I'm a newcomer to the group. Used to do a lot of woodworking, but for
one reason and another dropped out almost twenty years ago. Now I'm
trying to rebuild my shop and buying new tools is confusing.
I stick to name brands: Craftsman, Milwaukee, DeWalt, etc., but wonder
whether off brands are good products as well.
For instance, someone on another thread mentioned the Ridgid has a
good reputation here, so I'll expand my search to that brand.
Is there a summary anywhere of the group's opinions on the relative
merits of various brands?
If not, is there a simple list of good, bad, and indifferent brands?
I have my original Craftsman table saw, vintage 1975, Craftsman radial
saw, vintage 1969, and a DeWalt 12" chop saw with kick stand. I have
an assortment of power hand tools, both corded and cordless.
At one point, when I thought I'd never get back into woodworking, I
sold a Delta drill press (no big loss, it's replaceable) and I also
sold a Craftsman lathe of uncertain vintage, but it was 30 years old
when I bought it circa 1975. Solid cast iron, cast iron pedestal, 3"
solid oak bench top, every accessory Craftsman made for it. That was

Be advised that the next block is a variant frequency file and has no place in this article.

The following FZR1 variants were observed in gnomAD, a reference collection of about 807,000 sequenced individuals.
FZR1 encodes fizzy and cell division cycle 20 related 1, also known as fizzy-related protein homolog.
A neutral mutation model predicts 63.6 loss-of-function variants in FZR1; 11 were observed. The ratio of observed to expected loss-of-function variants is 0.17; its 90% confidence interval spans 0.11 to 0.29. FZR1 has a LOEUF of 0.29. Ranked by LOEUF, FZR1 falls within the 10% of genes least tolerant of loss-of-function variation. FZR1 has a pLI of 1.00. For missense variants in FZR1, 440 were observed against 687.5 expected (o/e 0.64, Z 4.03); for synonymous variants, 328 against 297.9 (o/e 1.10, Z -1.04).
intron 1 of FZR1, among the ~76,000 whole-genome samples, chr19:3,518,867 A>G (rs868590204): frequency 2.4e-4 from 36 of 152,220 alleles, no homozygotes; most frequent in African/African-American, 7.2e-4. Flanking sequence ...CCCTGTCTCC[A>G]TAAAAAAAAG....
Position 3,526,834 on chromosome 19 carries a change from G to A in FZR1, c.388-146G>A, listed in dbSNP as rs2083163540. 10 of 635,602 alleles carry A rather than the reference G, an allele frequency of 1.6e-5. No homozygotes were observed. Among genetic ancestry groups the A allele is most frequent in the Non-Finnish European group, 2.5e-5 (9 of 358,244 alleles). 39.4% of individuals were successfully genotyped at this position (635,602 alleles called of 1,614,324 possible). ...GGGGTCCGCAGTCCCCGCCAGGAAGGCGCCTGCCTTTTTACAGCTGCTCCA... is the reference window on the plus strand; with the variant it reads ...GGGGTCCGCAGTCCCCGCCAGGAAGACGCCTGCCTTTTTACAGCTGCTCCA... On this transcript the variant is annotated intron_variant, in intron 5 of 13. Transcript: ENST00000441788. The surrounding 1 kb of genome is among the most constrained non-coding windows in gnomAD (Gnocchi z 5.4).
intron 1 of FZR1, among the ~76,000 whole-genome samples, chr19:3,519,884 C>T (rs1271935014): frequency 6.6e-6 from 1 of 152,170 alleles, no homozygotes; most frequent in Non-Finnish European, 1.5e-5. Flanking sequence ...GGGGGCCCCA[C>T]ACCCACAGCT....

one of a kind. Also sold a Craftsman shaper, also cast iron with a
I've recently bought a Craftsman belt sander and Craftsman pad sander,
a Milwaukee circular saw, a DeWalt biscuit cutter, a Milwaukee half
inch router, a cheap delta shaper, a bunch of new hand tools -
screwdrivers, pliers, etc.
My next tool purchase will probably be a drill press, a bench model,
as I don't foresee a need for the depth of a floor model.
There is a Woodcraft store near me:
They sell a line called Jet.
Good tools. But all are now made offshore--that holds true for
virtually every major power tool made, and most minor ones, these
days. The model 66 Powermatic used to be made in the USA, but that was
several years ago.
Check out Steel City Tools, too. I have their 16" bandsaw, and, except
for being a bit short to the table, it's a wonderful tool.
Woodcraft also charges super premium prices. I have one of the new 17"
Delta drill presses, designed specifically for woodworking. It ain't
lovable (too damned heavy to assemble for a fat old man; in fact, two
of us had to use an engine crane hoist to get the head onto the tube),
but it is good, with features no found on a machinist's DP. I'm not
enamored of the laser all that much, but, hey, it's on there and it
can be useful.
Thanks, John. Just what I needed at this time, but they couldn't find
another sucker...not true, but I'm up past my ears for the next two
months, yet I have to start wheeling and dealing to gather more
members, and some more sponsors, as well as straight company members.
Mostly, we're aiming at writing members. A lot of the new kids on the
block don't belong; they should. It can be handy.
Well, I'm sure that Doug left you in a good place to start from... I'm also
sure it will take effort to sustain and grow. The next 5-10 years will
probably see a new generation come into it's own as the "old" guys retire.
Hopefully the new guys don't run out of material and see the merit of